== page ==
09
10
11
12
13
14 x1
15 x1
16 x2
17
18
19
20
21
22
23 x1

– 2014-02-08 —

IP address Times Host name and country
——————– —– ——————————-
31.168.75.16 6 bzq-75-168-31-16.red.bezeqint.net; Israel (IL)
77.31.241.106 1 ; Saudi Arabia (SA)
82.166.16.190 1 82-166-16-190.barak-online.net; Israel (IL)
85.17.24.130 1 hosted-by.leaseweb.com; Netherlands (NL)
132.199.96.83 1 pc1011103133.uni-regensburg.de; Germany (DE)
188.20.178.75 1 ; Austria (AT)
203.146.30.32 1 ; Thailand (TH)

Hourly breakdown (blocks per hour)
00
01
02
03
04 x1
05
06 x1
07 x1
08
09
10
11
12 x2
13
14
15 x1
16 x2
17
18
19 x1
20 x1
21
22 x1
23 x1

– 2014-02-09 —

IP address Times Host name and country
——————– —– ——————————-
37.28.157.63 1 d157063.artnet.pl; Poland (PL)
54.251.246.9 2 ec2-54-251-246-9.ap-southeast-1.compute.amazonaws.com; Singapore (SG)
78.40.146.2 1 spider.man.kcahost.co.uk; United Kingdom (GB)
82.166.16.190 1 82-166-16-190.barak-online.net; Israel (IL)
85.17.24.130 2 hosted-by.leaseweb.com; Netherlands (NL)
203.146.30.32 3 ; Thailand (TH)
222.186.32.224 1 mail.mxhichina.com; China (CN)

Hourly breakdown (blocks per hour)
00 x1
01
02
03
04
05
06
07
08
09 x1
10 x1
11 x1
12
13 x1
14 x1
15
16
17 x1
18
19 x1
20 x1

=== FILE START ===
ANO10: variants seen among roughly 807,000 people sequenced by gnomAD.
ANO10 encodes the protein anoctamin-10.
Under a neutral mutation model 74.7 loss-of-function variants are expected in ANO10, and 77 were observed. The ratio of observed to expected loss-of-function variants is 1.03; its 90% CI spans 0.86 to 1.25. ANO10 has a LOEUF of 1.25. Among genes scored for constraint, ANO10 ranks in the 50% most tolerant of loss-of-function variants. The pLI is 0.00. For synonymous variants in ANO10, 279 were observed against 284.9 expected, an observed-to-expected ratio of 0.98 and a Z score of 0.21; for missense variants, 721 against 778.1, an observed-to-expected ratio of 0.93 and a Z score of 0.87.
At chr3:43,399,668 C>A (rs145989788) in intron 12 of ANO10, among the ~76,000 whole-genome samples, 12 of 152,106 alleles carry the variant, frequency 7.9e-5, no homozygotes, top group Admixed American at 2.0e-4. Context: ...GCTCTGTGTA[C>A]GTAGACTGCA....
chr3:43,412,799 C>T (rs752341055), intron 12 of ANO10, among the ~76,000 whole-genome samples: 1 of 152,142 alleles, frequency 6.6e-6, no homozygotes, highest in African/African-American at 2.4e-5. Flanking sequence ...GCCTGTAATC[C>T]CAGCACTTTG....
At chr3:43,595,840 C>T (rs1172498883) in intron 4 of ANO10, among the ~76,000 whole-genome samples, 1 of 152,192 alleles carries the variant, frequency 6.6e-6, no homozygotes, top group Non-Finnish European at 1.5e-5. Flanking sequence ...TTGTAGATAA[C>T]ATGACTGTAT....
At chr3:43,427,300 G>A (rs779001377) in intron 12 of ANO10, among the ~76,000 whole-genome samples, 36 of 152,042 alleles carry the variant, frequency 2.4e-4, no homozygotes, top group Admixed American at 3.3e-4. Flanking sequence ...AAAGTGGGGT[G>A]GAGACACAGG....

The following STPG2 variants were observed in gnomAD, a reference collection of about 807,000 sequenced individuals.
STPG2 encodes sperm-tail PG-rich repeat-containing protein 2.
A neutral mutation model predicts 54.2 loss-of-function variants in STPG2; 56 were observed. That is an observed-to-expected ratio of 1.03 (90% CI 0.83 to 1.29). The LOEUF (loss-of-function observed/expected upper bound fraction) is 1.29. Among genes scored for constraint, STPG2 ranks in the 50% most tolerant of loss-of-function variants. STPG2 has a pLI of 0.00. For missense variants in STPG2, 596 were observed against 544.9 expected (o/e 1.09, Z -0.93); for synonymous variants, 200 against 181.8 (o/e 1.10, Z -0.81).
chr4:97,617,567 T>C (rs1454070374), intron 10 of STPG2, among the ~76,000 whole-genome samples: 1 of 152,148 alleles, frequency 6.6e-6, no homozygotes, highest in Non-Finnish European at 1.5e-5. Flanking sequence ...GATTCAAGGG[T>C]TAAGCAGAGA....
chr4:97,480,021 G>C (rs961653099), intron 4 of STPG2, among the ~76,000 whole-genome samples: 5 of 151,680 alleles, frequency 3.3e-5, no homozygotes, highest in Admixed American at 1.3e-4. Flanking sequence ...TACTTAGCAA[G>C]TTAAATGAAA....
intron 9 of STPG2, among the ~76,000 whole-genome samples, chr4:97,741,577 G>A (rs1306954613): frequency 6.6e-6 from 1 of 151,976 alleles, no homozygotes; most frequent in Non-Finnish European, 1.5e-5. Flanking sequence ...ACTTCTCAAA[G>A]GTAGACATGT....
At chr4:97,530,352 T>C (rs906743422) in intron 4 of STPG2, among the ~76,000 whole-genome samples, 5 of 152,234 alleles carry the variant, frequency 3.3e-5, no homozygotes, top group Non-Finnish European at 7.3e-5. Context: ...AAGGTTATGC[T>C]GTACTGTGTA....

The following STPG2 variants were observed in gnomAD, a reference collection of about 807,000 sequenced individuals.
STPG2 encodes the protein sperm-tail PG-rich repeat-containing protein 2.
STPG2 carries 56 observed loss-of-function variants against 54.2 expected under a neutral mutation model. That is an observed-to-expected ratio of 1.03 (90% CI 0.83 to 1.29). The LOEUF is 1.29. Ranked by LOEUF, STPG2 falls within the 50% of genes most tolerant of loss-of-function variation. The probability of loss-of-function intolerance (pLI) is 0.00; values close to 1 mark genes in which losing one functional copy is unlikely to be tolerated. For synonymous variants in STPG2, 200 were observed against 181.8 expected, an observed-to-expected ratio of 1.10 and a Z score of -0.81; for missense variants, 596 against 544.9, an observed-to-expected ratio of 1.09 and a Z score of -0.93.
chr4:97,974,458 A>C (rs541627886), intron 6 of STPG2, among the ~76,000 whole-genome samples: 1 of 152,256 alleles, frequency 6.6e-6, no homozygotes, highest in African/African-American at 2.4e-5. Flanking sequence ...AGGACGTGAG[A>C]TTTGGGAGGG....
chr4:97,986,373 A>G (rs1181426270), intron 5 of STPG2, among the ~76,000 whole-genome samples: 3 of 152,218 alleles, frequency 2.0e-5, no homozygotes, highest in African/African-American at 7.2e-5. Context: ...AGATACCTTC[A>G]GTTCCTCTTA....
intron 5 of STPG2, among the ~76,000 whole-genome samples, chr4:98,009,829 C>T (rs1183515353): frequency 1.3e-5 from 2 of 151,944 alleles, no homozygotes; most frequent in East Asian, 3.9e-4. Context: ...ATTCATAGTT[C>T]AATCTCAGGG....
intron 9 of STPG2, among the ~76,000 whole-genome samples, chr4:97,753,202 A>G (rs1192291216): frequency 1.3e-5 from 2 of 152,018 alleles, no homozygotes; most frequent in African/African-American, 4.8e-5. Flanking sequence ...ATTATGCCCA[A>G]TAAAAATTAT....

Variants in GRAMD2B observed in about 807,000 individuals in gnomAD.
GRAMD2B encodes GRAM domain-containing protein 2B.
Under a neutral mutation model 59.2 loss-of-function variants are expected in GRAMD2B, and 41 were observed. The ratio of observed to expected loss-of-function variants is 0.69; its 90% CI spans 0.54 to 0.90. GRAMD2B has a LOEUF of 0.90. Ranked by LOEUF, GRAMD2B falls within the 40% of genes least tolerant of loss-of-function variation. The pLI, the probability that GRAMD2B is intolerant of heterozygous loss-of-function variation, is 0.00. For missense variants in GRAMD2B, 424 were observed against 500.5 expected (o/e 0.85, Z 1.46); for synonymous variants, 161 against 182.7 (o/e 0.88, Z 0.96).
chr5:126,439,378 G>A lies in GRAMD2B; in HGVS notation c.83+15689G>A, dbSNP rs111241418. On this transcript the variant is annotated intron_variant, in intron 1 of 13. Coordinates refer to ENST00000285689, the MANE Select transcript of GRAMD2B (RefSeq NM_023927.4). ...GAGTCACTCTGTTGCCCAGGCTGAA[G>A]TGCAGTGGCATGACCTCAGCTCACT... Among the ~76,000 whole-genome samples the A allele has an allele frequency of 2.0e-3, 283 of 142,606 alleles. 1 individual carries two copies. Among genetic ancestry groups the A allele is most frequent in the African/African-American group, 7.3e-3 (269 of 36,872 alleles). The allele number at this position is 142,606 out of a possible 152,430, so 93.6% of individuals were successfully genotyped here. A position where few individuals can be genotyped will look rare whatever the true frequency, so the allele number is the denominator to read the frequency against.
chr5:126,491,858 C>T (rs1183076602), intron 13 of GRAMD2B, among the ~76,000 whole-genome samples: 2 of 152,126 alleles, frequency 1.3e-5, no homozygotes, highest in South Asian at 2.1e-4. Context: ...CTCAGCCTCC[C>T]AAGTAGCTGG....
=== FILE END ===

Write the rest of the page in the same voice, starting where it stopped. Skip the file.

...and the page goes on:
21
22 x1
23 x1

Generated 2014-02-10 00:03:15 for machine ****.****.**** by Syspeace v2.3.1.0

 

By Juha Jurvanen

Syspeace - intrusion prevention for Windows servers

Syspeace website

Syspeace is now in the Microsoft Pinpoint listing

We’ve now proudly also been listed in the Microsoft Pinpoint directory.

Syspeace @ Microsoft Pinpoint

Syspeace - intrusion prevention for Windows servers

Syspeace website

Intrusion prevention for Windows – Syspeace 2.3.1 released today!

We’re happy to annonunce that we’ve released 2.3.1 today!

The new release fixes some issues with reporting, non English OS, better error handling with communications failure to the license server and other fixes
http://syspeace.com/free-download/version-info/syspeace-231/

See the Syspeace website for a free, fully functional trial for intrusion prevention for Windows Servers, Exchange Servers, SQL Servers , Citrix, Terminal Server and more

Syspeace - intrusion prevention for Windows servers

Syspeace website